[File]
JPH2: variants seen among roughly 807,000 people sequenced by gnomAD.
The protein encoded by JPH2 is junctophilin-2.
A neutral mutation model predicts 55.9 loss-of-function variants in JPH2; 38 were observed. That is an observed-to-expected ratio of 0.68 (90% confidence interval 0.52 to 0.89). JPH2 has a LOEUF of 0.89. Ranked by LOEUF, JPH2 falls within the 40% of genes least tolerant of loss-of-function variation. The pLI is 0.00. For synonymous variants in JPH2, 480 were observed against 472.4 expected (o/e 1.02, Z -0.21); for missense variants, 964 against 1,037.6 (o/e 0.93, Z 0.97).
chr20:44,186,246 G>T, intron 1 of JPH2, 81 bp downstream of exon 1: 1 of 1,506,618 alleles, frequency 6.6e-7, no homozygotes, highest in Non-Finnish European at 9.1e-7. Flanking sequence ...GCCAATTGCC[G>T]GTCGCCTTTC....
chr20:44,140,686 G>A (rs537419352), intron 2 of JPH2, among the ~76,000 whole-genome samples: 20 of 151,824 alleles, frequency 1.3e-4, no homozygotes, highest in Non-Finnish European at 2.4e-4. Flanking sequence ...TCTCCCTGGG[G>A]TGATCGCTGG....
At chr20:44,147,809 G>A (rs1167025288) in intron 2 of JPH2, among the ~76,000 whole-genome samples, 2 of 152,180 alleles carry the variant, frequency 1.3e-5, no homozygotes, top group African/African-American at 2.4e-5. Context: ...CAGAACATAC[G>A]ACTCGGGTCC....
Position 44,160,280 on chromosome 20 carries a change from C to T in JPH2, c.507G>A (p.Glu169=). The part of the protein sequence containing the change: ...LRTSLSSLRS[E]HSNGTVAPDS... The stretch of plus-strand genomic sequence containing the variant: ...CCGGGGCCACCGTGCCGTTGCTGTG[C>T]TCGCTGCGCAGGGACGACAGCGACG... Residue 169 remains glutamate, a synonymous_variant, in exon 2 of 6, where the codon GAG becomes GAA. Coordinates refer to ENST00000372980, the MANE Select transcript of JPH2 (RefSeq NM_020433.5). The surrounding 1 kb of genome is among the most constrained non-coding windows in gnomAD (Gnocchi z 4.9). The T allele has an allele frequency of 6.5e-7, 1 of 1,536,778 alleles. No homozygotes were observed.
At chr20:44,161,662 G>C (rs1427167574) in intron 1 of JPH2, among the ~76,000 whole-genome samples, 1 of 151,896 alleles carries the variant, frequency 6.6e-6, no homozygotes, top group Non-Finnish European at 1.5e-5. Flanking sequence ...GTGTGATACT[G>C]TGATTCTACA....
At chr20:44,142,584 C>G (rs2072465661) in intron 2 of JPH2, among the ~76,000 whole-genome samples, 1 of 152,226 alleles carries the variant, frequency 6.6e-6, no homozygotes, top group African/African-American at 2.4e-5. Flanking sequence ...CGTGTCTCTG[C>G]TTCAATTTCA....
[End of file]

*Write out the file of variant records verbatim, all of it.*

JPH2: variants seen among roughly 807,000 people sequenced by gnomAD.
The protein encoded by JPH2 is junctophilin-2.
A neutral mutation model predicts 55.9 loss-of-function variants in JPH2; 38 were observed. That is an observed-to-expected ratio of 0.68 (90% confidence interval 0.52 to 0.89). JPH2 has a LOEUF of 0.89. Ranked by LOEUF, JPH2 falls within the 40% of genes least tolerant of loss-of-function variation. The pLI is 0.00. For synonymous variants in JPH2, 480 were observed against 472.4 expected (o/e 1.02, Z -0.21); for missense variants, 964 against 1,037.6 (o/e 0.93, Z 0.97).
chr20:44,186,246 G>T, intron 1 of JPH2, 81 bp downstream of exon 1: 1 of 1,506,618 alleles, frequency 6.6e-7, no homozygotes, highest in Non-Finnish European at 9.1e-7. Flanking sequence ...GCCAATTGCC[G>T]GTCGCCTTTC....
chr20:44,140,686 G>A (rs537419352), intron 2 of JPH2, among the ~76,000 whole-genome samples: 20 of 151,824 alleles, frequency 1.3e-4, no homozygotes, highest in Non-Finnish European at 2.4e-4. Flanking sequence ...TCTCCCTGGG[G>A]TGATCGCTGG....
At chr20:44,147,809 G>A (rs1167025288) in intron 2 of JPH2, among the ~76,000 whole-genome samples, 2 of 152,180 alleles carry the variant, frequency 1.3e-5, no homozygotes, top group African/African-American at 2.4e-5. Context: ...CAGAACATAC[G>A]ACTCGGGTCC....
Position 44,160,280 on chromosome 20 carries a change from C to T in JPH2, c.507G>A (p.Glu169=). The part of the protein sequence containing the change: ...LRTSLSSLRS[E]HSNGTVAPDS... The stretch of plus-strand genomic sequence containing the variant: ...CCGGGGCCACCGTGCCGTTGCTGTG[C>T]TCGCTGCGCAGGGACGACAGCGACG... Residue 169 remains glutamate, a synonymous_variant, in exon 2 of 6, where the codon GAG becomes GAA. Coordinates refer to ENST00000372980, the MANE Select transcript of JPH2 (RefSeq NM_020433.5). The surrounding 1 kb of genome is among the most constrained non-coding windows in gnomAD (Gnocchi z 4.9). The T allele has an allele frequency of 6.5e-7, 1 of 1,536,778 alleles. No homozygotes were observed.
At chr20:44,161,662 G>C (rs1427167574) in intron 1 of JPH2, among the ~76,000 whole-genome samples, 1 of 151,896 alleles carries the variant, frequency 6.6e-6, no homozygotes, top group Non-Finnish European at 1.5e-5. Flanking sequence ...GTGTGATACT[G>C]TGATTCTACA....
At chr20:44,142,584 C>G (rs2072465661) in intron 2 of JPH2, among the ~76,000 whole-genome samples, 1 of 152,226 alleles carries the variant, frequency 6.6e-6, no homozygotes, top group African/African-American at 2.4e-5. Flanking sequence ...CGTGTCTCTG[C>G]TTCAATTTCA....